Since Saturday is Pi Day of the Century, I am starting the celebrations early by wearing my t-shirt today. I got this as a gift from my better-half. This fits my geeky and nerdy side to the T. **π** Day was started by Larry Shaw of the San Francisco Exploratorium in 1988. This is Pi Day of the Century because of the sequential time that will occur on 3/14/15 at 9:26:53 following the sequence of pi.

From Wikipedia, a few Pi facts:

The number

πis a mathematical constant, the ratio of a circle‘s circumference to its diameter, commonly approximated as 3.14159. It has been represented by the Greek letter “π” since the mid-18th century, though it is also sometimes spelled out as “pi” (/paɪ/).Being an irrational number, π cannot be expressed exactly as a common fraction, although fractions such as 22/7 and other rational numbers are commonly used to approximate π. Consequently its decimal representation never ends and never settles into a permanent repeating pattern. The digits appear to be randomly distributed; however, to date, no proof of this has been discovered. Also, π is a transcendental number – a number that is not the root of any non-zero polynomial having rational coefficients. This transcendence of π implies that it is impossible to solve the ancient challenge of squaring the circle with a compass and straightedge.

In August 2009, a Japanese Supercomputer called the T2K Open Supercomputer was claimed to have more than doubled the previous record by calculating π to 2.6 trillion digits in approximately 73 hours and 36 minutes.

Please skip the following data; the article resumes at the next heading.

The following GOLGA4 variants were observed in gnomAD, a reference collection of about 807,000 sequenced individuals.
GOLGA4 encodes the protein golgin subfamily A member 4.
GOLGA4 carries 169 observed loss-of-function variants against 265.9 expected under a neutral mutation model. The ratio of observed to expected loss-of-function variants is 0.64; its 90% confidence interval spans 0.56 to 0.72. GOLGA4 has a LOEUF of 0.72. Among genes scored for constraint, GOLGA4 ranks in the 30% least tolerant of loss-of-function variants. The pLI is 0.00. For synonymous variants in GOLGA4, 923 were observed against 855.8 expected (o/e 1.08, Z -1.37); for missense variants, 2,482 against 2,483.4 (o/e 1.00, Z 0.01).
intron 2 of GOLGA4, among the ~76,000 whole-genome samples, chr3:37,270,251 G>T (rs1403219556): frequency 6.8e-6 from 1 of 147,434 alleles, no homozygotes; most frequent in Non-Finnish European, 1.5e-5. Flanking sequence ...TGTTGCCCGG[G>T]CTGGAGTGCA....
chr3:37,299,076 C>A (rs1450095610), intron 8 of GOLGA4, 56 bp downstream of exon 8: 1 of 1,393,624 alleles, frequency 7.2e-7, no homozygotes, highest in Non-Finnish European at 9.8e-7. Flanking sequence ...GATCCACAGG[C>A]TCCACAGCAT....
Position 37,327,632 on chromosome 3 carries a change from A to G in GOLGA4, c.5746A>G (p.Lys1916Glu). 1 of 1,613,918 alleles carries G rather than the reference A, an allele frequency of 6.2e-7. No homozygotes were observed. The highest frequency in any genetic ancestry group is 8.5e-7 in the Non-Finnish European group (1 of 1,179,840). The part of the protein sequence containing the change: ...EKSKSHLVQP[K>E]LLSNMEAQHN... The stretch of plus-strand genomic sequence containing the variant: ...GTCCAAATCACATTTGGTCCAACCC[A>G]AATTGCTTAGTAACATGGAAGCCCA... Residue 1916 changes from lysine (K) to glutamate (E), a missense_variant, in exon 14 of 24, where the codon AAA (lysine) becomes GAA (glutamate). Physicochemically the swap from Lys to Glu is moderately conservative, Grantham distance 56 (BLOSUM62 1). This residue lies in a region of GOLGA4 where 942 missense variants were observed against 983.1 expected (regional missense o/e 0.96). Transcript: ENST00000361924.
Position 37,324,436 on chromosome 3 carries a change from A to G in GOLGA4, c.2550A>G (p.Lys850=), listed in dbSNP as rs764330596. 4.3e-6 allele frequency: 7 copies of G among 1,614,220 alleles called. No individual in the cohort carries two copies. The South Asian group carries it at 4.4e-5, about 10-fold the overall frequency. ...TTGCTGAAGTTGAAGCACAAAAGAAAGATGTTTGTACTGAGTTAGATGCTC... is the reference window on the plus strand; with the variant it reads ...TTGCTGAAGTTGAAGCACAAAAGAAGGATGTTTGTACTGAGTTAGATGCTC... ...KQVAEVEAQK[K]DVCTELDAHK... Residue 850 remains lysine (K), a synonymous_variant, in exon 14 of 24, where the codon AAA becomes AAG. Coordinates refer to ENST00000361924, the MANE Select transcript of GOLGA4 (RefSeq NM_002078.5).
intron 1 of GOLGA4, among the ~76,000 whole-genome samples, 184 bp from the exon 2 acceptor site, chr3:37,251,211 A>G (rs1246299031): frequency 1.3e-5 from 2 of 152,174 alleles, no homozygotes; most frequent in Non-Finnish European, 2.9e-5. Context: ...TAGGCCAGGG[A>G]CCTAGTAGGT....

In December 2009, Fabrice Bellard used a home computer to compute 2.7 trillion decimal digits of π. Calculations were performed in base 2 (binary), then the result was converted to base 10 (decimal). The calculation, conversion, and verification steps took a total of 131 days.

^{[21]}In August 2010, Shigeru Kondo used Alexander Yee’s y-cruncher to calculate 5 trillion digits of π. This was the world record for any type of calculation, but significantly it was performed on a home computer built by Kondo.

^{[22]}The calculation was done between 4 May and 3 August, with the primary and secondary verifications taking 64 and 66 hours respectively.^{[23]}In October 2011, they broke their own record by computing ten trillion (10^{13}) and fifty digits using the same method but with better hardware.^{[24]}^{[25]}In December 2013 they broke their own record again when they computed 12.1 trillion digits of π.

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